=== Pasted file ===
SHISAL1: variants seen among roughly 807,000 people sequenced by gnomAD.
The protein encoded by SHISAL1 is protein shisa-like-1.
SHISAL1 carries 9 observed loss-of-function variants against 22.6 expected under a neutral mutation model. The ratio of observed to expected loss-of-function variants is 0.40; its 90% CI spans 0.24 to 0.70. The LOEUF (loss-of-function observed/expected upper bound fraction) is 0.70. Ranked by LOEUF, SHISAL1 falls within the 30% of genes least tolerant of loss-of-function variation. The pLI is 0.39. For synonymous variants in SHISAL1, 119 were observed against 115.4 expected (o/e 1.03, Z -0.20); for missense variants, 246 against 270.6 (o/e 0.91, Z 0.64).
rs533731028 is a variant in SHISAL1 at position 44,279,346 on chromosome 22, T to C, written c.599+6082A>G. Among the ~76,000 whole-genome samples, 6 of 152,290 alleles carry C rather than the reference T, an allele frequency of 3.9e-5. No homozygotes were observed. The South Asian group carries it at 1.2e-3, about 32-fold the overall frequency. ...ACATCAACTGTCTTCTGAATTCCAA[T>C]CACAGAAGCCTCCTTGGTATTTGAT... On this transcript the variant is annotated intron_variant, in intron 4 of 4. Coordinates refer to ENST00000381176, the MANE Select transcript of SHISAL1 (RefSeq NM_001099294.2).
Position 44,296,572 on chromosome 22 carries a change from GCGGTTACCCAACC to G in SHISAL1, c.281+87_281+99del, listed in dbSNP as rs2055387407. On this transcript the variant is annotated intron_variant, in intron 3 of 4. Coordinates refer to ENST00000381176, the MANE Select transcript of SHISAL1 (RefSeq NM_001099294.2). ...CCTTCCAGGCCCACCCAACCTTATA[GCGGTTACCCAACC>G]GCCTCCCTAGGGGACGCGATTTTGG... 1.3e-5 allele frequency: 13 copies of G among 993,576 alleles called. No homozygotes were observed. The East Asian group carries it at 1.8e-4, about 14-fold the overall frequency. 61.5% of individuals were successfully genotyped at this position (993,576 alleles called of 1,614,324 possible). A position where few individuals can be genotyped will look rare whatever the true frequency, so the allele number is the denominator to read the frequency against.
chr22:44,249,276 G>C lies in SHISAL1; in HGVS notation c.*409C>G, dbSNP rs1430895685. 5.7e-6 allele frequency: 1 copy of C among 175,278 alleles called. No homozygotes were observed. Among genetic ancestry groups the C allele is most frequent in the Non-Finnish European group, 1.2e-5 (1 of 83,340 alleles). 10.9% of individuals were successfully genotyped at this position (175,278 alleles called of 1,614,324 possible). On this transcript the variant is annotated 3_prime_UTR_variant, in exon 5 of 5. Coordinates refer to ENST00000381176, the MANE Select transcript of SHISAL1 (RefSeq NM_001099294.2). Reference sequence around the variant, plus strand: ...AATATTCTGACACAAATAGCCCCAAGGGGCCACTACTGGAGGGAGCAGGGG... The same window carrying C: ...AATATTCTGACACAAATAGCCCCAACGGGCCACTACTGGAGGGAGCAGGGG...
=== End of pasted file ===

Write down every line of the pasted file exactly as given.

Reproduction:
SHISAL1: variants seen among roughly 807,000 people sequenced by gnomAD.
The protein encoded by SHISAL1 is protein shisa-like-1.
SHISAL1 carries 9 observed loss-of-function variants against 22.6 expected under a neutral mutation model. The ratio of observed to expected loss-of-function variants is 0.40; its 90% CI spans 0.24 to 0.70. The LOEUF (loss-of-function observed/expected upper bound fraction) is 0.70. Ranked by LOEUF, SHISAL1 falls within the 30% of genes least tolerant of loss-of-function variation. The pLI is 0.39. For synonymous variants in SHISAL1, 119 were observed against 115.4 expected (o/e 1.03, Z -0.20); for missense variants, 246 against 270.6 (o/e 0.91, Z 0.64).
rs533731028 is a variant in SHISAL1 at position 44,279,346 on chromosome 22, T to C, written c.599+6082A>G. Among the ~76,000 whole-genome samples, 6 of 152,290 alleles carry C rather than the reference T, an allele frequency of 3.9e-5. No homozygotes were observed. The South Asian group carries it at 1.2e-3, about 32-fold the overall frequency. ...ACATCAACTGTCTTCTGAATTCCAA[T>C]CACAGAAGCCTCCTTGGTATTTGAT... On this transcript the variant is annotated intron_variant, in intron 4 of 4. Coordinates refer to ENST00000381176, the MANE Select transcript of SHISAL1 (RefSeq NM_001099294.2).
Position 44,296,572 on chromosome 22 carries a change from GCGGTTACCCAACC to G in SHISAL1, c.281+87_281+99del, listed in dbSNP as rs2055387407. On this transcript the variant is annotated intron_variant, in intron 3 of 4. Coordinates refer to ENST00000381176, the MANE Select transcript of SHISAL1 (RefSeq NM_001099294.2). ...CCTTCCAGGCCCACCCAACCTTATA[GCGGTTACCCAACC>G]GCCTCCCTAGGGGACGCGATTTTGG... 1.3e-5 allele frequency: 13 copies of G among 993,576 alleles called. No homozygotes were observed. The East Asian group carries it at 1.8e-4, about 14-fold the overall frequency. 61.5% of individuals were successfully genotyped at this position (993,576 alleles called of 1,614,324 possible). A position where few individuals can be genotyped will look rare whatever the true frequency, so the allele number is the denominator to read the frequency against.
chr22:44,249,276 G>C lies in SHISAL1; in HGVS notation c.*409C>G, dbSNP rs1430895685. 5.7e-6 allele frequency: 1 copy of C among 175,278 alleles called. No homozygotes were observed. Among genetic ancestry groups the C allele is most frequent in the Non-Finnish European group, 1.2e-5 (1 of 83,340 alleles). 10.9% of individuals were successfully genotyped at this position (175,278 alleles called of 1,614,324 possible). On this transcript the variant is annotated 3_prime_UTR_variant, in exon 5 of 5. Coordinates refer to ENST00000381176, the MANE Select transcript of SHISAL1 (RefSeq NM_001099294.2). Reference sequence around the variant, plus strand: ...AATATTCTGACACAAATAGCCCCAAGGGGCCACTACTGGAGGGAGCAGGGG... The same window carrying C: ...AATATTCTGACACAAATAGCCCCAACGGGCCACTACTGGAGGGAGCAGGGG...